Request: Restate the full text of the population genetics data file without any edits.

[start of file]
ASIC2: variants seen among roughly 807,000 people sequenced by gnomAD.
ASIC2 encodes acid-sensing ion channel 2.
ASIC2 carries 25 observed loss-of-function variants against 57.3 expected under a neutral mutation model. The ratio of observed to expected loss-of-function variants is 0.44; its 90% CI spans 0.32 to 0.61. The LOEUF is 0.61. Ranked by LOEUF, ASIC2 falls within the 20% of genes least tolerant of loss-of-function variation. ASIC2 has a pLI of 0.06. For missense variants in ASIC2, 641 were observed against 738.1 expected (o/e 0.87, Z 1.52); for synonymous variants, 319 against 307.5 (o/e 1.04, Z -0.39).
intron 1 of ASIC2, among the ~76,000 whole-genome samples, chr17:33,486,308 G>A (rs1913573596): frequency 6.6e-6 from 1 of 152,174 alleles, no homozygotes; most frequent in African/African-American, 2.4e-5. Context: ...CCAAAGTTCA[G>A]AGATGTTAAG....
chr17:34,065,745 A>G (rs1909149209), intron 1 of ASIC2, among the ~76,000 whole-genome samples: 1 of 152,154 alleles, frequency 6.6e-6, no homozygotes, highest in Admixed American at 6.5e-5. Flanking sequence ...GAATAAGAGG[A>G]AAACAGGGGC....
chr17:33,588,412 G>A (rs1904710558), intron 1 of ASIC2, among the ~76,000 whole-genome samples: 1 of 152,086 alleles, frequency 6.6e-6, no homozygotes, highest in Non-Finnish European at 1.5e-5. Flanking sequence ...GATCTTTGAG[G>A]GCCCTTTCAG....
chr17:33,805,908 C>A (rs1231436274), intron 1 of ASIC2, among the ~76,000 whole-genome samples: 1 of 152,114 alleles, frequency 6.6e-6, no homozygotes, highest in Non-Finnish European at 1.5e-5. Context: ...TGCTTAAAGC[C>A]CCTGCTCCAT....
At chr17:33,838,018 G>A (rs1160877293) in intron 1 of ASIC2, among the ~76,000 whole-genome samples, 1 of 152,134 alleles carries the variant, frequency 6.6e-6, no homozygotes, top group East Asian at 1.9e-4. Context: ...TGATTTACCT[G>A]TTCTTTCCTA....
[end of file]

ASIC2: variants seen among roughly 807,000 people sequenced by gnomAD.
ASIC2 encodes acid-sensing ion channel 2.
ASIC2 carries 25 observed loss-of-function variants against 57.3 expected under a neutral mutation model. The ratio of observed to expected loss-of-function variants is 0.44; its 90% CI spans 0.32 to 0.61. The LOEUF is 0.61. Ranked by LOEUF, ASIC2 falls within the 20% of genes least tolerant of loss-of-function variation. ASIC2 has a pLI of 0.06. For missense variants in ASIC2, 641 were observed against 738.1 expected (o/e 0.87, Z 1.52); for synonymous variants, 319 against 307.5 (o/e 1.04, Z -0.39).
intron 1 of ASIC2, among the ~76,000 whole-genome samples, chr17:33,486,308 G>A (rs1913573596): frequency 6.6e-6 from 1 of 152,174 alleles, no homozygotes; most frequent in African/African-American, 2.4e-5. Context: ...CCAAAGTTCA[G>A]AGATGTTAAG....
chr17:34,065,745 A>G (rs1909149209), intron 1 of ASIC2, among the ~76,000 whole-genome samples: 1 of 152,154 alleles, frequency 6.6e-6, no homozygotes, highest in Admixed American at 6.5e-5. Flanking sequence ...GAATAAGAGG[A>G]AAACAGGGGC....
chr17:33,588,412 G>A (rs1904710558), intron 1 of ASIC2, among the ~76,000 whole-genome samples: 1 of 152,086 alleles, frequency 6.6e-6, no homozygotes, highest in Non-Finnish European at 1.5e-5. Flanking sequence ...GATCTTTGAG[G>A]GCCCTTTCAG....
chr17:33,805,908 C>A (rs1231436274), intron 1 of ASIC2, among the ~76,000 whole-genome samples: 1 of 152,114 alleles, frequency 6.6e-6, no homozygotes, highest in Non-Finnish European at 1.5e-5. Context: ...TGCTTAAAGC[C>A]CCTGCTCCAT....
At chr17:33,838,018 G>A (rs1160877293) in intron 1 of ASIC2, among the ~76,000 whole-genome samples, 1 of 152,134 alleles carries the variant, frequency 6.6e-6, no homozygotes, top group East Asian at 1.9e-4. Context: ...TGATTTACCT[G>A]TTCTTTCCTA....